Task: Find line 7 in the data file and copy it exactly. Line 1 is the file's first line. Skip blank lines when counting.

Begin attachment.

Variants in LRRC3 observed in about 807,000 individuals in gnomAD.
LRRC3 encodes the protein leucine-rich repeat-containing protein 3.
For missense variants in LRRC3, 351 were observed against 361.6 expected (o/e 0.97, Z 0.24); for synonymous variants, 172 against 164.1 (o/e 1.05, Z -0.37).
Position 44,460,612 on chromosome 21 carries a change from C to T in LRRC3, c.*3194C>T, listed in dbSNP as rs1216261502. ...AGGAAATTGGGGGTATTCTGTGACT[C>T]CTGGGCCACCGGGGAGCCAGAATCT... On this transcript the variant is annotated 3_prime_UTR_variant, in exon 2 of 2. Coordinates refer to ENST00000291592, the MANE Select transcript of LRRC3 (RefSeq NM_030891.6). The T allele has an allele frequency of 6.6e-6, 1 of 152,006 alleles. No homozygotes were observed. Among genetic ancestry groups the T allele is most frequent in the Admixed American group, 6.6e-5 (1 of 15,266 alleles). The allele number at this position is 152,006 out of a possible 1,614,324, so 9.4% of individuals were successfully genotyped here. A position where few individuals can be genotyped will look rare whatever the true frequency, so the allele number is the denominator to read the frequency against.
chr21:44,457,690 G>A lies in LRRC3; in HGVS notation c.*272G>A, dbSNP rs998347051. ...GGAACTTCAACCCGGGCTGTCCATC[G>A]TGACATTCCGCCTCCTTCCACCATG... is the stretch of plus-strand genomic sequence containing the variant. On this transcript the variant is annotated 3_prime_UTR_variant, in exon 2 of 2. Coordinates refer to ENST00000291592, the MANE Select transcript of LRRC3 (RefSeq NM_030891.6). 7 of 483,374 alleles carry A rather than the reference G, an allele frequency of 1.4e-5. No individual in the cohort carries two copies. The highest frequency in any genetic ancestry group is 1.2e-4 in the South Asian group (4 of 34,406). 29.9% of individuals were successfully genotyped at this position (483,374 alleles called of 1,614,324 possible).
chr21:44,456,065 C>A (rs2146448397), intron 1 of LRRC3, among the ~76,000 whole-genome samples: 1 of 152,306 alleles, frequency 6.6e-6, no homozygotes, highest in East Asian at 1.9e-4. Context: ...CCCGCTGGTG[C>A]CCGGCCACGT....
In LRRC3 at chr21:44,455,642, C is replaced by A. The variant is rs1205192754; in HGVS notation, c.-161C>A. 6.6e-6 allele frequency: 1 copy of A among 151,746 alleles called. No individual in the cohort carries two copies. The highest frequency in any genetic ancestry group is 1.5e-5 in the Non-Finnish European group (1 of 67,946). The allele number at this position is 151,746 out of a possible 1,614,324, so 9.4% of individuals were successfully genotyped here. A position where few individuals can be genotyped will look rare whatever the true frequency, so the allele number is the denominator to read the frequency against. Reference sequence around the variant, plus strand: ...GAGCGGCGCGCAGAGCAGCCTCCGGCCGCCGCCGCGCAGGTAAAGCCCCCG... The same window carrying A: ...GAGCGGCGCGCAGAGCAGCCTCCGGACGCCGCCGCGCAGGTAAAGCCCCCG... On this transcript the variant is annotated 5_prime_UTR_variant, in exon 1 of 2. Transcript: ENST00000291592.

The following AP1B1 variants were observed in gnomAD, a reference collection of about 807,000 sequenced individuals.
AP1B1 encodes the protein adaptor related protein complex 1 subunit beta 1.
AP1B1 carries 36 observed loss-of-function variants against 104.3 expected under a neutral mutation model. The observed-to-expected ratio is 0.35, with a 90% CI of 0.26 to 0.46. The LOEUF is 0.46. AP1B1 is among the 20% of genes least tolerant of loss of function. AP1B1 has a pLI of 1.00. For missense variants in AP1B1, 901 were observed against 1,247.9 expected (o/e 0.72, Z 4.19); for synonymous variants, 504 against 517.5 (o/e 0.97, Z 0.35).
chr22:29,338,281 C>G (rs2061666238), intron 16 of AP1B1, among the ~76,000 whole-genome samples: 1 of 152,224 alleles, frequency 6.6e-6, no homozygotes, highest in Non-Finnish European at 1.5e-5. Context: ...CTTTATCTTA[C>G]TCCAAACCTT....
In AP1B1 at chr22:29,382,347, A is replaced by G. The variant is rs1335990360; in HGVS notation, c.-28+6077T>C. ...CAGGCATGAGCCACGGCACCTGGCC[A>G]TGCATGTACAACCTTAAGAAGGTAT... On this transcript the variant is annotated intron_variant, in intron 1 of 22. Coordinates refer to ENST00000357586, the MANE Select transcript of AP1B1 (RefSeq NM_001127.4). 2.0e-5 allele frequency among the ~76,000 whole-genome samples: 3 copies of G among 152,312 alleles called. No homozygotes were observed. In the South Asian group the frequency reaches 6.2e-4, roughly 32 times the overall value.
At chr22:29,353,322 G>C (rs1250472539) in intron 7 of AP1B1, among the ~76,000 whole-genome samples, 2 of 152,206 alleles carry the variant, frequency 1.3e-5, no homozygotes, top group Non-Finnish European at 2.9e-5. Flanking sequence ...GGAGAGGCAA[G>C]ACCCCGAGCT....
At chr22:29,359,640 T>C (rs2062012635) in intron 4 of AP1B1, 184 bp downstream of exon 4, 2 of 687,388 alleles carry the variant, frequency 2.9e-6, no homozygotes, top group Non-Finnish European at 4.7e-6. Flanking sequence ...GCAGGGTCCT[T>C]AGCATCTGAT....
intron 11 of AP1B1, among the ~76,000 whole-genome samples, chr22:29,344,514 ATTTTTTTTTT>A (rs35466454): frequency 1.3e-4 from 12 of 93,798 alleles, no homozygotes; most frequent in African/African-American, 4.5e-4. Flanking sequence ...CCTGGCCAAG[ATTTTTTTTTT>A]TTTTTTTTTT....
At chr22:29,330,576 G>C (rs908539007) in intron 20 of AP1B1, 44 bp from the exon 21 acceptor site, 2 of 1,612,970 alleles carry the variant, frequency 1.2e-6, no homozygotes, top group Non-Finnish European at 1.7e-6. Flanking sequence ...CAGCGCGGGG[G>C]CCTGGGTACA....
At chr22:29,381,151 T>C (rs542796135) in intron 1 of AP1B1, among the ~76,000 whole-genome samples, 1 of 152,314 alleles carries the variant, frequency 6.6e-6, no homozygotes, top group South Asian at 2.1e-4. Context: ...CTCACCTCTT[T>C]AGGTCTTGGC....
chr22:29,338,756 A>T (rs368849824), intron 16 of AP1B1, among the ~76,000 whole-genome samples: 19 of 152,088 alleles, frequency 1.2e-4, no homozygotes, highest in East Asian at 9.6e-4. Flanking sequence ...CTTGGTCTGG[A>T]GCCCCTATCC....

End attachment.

In LRRC3 at chr21:44,455,642, C is replaced by A. The variant is rs1205192754; in HGVS notation, c.-161C>A. 6.6e-6 allele frequency: 1 copy of A among 151,746 alleles called. No individual in the cohort carries two copies. The highest frequency in any genetic ancestry group is 1.5e-5 in the Non-Finnish European group (1 of 67,946). The allele number at this position is 151,746 out of a possible 1,614,324, so 9.4% of individuals were successfully genotyped here. A position where few individuals can be genotyped will look rare whatever the true frequency, so the allele number is the denominator to read the frequency against. Reference sequence around the variant, plus strand: ...GAGCGGCGCGCAGAGCAGCCTCCGGCCGCCGCCGCGCAGGTAAAGCCCCCG... The same window carrying A: ...GAGCGGCGCGCAGAGCAGCCTCCGGACGCCGCCGCGCAGGTAAAGCCCCCG... On this transcript the variant is annotated 5_prime_UTR_variant, in exon 1 of 2. Transcript: ENST00000291592.